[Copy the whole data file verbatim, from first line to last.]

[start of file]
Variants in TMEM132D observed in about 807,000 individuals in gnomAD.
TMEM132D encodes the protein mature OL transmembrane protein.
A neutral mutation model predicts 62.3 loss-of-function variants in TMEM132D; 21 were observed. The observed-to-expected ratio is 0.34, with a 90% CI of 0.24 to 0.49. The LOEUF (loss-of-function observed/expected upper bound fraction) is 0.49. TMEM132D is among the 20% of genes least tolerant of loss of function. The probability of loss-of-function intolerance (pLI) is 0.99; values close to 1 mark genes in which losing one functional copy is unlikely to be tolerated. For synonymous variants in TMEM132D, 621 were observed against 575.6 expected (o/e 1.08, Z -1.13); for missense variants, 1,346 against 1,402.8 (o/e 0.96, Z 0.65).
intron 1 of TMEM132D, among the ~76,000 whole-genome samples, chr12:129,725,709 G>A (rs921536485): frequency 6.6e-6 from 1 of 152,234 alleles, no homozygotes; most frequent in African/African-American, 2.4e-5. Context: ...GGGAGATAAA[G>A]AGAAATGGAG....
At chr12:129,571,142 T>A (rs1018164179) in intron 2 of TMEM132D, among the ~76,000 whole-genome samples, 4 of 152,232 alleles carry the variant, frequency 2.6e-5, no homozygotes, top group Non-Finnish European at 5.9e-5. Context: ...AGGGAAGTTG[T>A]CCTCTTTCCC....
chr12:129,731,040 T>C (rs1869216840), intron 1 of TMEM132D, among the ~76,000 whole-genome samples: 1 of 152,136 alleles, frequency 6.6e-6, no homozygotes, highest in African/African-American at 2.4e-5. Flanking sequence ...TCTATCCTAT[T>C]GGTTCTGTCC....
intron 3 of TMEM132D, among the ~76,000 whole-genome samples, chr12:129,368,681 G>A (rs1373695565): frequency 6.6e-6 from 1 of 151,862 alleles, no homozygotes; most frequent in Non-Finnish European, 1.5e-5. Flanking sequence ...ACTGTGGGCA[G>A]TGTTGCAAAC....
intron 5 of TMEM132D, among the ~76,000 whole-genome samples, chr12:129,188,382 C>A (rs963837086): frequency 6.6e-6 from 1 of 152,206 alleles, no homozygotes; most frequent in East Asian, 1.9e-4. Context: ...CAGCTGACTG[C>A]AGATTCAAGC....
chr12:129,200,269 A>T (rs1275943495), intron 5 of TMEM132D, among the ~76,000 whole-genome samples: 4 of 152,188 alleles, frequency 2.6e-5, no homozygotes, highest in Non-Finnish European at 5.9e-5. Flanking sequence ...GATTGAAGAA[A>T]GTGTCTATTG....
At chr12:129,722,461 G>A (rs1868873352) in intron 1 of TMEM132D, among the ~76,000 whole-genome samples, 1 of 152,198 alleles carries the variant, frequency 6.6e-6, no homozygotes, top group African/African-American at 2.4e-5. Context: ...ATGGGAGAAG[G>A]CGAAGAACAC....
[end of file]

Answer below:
Variants in TMEM132D observed in about 807,000 individuals in gnomAD.
TMEM132D encodes the protein mature OL transmembrane protein.
A neutral mutation model predicts 62.3 loss-of-function variants in TMEM132D; 21 were observed. The observed-to-expected ratio is 0.34, with a 90% CI of 0.24 to 0.49. The LOEUF (loss-of-function observed/expected upper bound fraction) is 0.49. TMEM132D is among the 20% of genes least tolerant of loss of function. The probability of loss-of-function intolerance (pLI) is 0.99; values close to 1 mark genes in which losing one functional copy is unlikely to be tolerated. For synonymous variants in TMEM132D, 621 were observed against 575.6 expected (o/e 1.08, Z -1.13); for missense variants, 1,346 against 1,402.8 (o/e 0.96, Z 0.65).
intron 1 of TMEM132D, among the ~76,000 whole-genome samples, chr12:129,725,709 G>A (rs921536485): frequency 6.6e-6 from 1 of 152,234 alleles, no homozygotes; most frequent in African/African-American, 2.4e-5. Context: ...GGGAGATAAA[G>A]AGAAATGGAG....
At chr12:129,571,142 T>A (rs1018164179) in intron 2 of TMEM132D, among the ~76,000 whole-genome samples, 4 of 152,232 alleles carry the variant, frequency 2.6e-5, no homozygotes, top group Non-Finnish European at 5.9e-5. Context: ...AGGGAAGTTG[T>A]CCTCTTTCCC....
chr12:129,731,040 T>C (rs1869216840), intron 1 of TMEM132D, among the ~76,000 whole-genome samples: 1 of 152,136 alleles, frequency 6.6e-6, no homozygotes, highest in African/African-American at 2.4e-5. Flanking sequence ...TCTATCCTAT[T>C]GGTTCTGTCC....
intron 3 of TMEM132D, among the ~76,000 whole-genome samples, chr12:129,368,681 G>A (rs1373695565): frequency 6.6e-6 from 1 of 151,862 alleles, no homozygotes; most frequent in Non-Finnish European, 1.5e-5. Flanking sequence ...ACTGTGGGCA[G>A]TGTTGCAAAC....
intron 5 of TMEM132D, among the ~76,000 whole-genome samples, chr12:129,188,382 C>A (rs963837086): frequency 6.6e-6 from 1 of 152,206 alleles, no homozygotes; most frequent in East Asian, 1.9e-4. Context: ...CAGCTGACTG[C>A]AGATTCAAGC....
chr12:129,200,269 A>T (rs1275943495), intron 5 of TMEM132D, among the ~76,000 whole-genome samples: 4 of 152,188 alleles, frequency 2.6e-5, no homozygotes, highest in Non-Finnish European at 5.9e-5. Flanking sequence ...GATTGAAGAA[A>T]GTGTCTATTG....
At chr12:129,722,461 G>A (rs1868873352) in intron 1 of TMEM132D, among the ~76,000 whole-genome samples, 1 of 152,198 alleles carries the variant, frequency 6.6e-6, no homozygotes, top group African/African-American at 2.4e-5. Context: ...ATGGGAGAAG[G>A]CGAAGAACAC....